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U.K., U.S. Sanction Seven More Russians for Navalny Poisoning

Alexei Navalny navalny / instagram

Britain and the United States sanctioned seven Russian officials on the first anniversary on Friday of the near fatal poisoning of jailed Kremlin critic Alexei Navalny, which the West blames on Moscow.

The individuals — all members of Russia's domestic security service the FSB, successor to the KGB — are accused of planning or carrying out the Aug. 20, 2020 nerve agent attack.

They now face asset freezes and travel bans under the sanctions.

The measures are the second round of reprisals by Britain for the poisoning, after it targeted six individuals and one entity in October 2020.

The United States and European Union also imposed a round of their own sanctions in March.  

Western intelligence agencies have assessed with "high confidence" that FSB officers poisoned Navalny with the nerve agent Novichok last year.

The dissident was flown to Germany for treatment but defiantly returned in January, only to be arrested and then sent to a penal colony.

British Foreign Secretary Dominic Raab said the latest sanctions were "sending a clear message that any use of chemical weapons by the Russian state violates international law".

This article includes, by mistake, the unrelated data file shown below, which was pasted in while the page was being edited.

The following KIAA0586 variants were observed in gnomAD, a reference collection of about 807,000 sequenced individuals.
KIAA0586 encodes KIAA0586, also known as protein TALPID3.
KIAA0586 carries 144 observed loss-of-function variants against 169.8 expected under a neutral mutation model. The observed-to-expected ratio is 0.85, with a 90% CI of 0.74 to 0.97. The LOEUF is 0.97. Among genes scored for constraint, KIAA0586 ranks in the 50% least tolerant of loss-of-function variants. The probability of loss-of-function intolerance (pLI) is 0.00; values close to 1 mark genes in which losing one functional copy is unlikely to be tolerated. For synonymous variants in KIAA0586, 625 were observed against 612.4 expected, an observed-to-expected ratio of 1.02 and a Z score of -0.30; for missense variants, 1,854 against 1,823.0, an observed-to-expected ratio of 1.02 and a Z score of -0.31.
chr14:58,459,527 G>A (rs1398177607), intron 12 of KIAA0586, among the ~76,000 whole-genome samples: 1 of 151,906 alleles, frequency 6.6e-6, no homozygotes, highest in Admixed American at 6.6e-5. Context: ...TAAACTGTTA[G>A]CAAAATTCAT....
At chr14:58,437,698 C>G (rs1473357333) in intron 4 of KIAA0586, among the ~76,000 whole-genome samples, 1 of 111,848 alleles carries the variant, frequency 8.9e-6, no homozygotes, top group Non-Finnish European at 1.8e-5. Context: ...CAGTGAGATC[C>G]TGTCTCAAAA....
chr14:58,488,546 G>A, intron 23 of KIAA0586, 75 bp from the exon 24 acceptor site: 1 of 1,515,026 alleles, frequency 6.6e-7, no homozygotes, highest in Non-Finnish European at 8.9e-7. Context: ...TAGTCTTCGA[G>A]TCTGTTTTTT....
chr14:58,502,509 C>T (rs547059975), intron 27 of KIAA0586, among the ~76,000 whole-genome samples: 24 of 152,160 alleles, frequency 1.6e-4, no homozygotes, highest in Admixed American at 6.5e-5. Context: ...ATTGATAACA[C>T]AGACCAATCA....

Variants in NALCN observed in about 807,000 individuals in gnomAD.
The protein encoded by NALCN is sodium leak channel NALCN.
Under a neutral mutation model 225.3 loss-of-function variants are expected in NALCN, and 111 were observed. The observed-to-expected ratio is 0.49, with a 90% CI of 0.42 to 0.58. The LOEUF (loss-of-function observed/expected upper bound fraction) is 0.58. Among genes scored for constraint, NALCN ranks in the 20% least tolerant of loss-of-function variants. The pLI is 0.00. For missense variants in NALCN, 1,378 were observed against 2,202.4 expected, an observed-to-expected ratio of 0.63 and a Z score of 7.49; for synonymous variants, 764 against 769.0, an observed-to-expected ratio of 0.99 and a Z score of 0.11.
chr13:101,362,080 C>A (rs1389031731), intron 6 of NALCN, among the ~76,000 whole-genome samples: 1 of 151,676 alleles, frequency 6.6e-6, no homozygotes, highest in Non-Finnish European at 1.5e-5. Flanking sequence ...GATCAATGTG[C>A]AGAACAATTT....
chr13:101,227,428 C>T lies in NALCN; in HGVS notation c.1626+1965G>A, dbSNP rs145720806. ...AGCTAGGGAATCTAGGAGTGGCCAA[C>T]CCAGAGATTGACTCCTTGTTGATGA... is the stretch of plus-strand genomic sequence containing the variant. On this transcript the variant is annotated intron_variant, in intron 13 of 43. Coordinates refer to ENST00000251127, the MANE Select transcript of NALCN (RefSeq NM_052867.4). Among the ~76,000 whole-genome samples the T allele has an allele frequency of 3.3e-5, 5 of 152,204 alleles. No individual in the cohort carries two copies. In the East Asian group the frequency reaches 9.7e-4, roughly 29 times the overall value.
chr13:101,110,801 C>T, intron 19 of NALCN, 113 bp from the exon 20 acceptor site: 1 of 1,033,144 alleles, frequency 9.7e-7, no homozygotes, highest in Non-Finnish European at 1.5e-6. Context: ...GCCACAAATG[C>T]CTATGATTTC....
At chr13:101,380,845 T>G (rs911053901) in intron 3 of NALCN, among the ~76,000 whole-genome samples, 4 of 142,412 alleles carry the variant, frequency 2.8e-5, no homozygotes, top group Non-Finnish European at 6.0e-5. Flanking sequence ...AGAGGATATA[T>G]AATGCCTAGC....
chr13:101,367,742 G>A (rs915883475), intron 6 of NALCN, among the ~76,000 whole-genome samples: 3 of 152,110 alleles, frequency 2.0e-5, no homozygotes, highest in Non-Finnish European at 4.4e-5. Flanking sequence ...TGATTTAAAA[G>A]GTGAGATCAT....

He reiterated Western calls for a "transparent criminal investigation" into the poisoning. 

"We urge Russia to declare its full stock of Novichok nerve agents," Raab added, saying there should be no impunity for the use of chemical weapons.

Those newly-targeted by Britain and the U.S. include alleged FSB operatives Alexey Alexandrov, Vladimir Panyaev and Ivan Vladimirovich Osipov. 

The trans-Atlantic allies claim the trio where all present in the Russian city Tomsk at the time of Navalny's poisoning there and were "key figures" in the attempted assassination.

Meanwhile, four other high-ranking officials — including a major-general, a general and a colonel in the FSB — were also hit with the sanctions. 

The measures further erode ties between Moscow and the West following Russia's annexation of Crimea in 2014, which led to a host of sanctions being imposed.

London's relations with Moscow have been dire since the 2006 radiation poisoning death in the British capital of former spy Alexander Litvinenko.

He blamed Putin for his death in a posthumous message.

Relations worsened after the 2018 attempted murder of former double agent Sergei Skripal and his daughter in the English city of Salisbury, using Novichok.

That prompted tit-for-tat expulsions of diplomats in both capitals.

Russia hit out at Western capitals following the last round of punitive measures announced in March, warning its foes "not to play with fire". 

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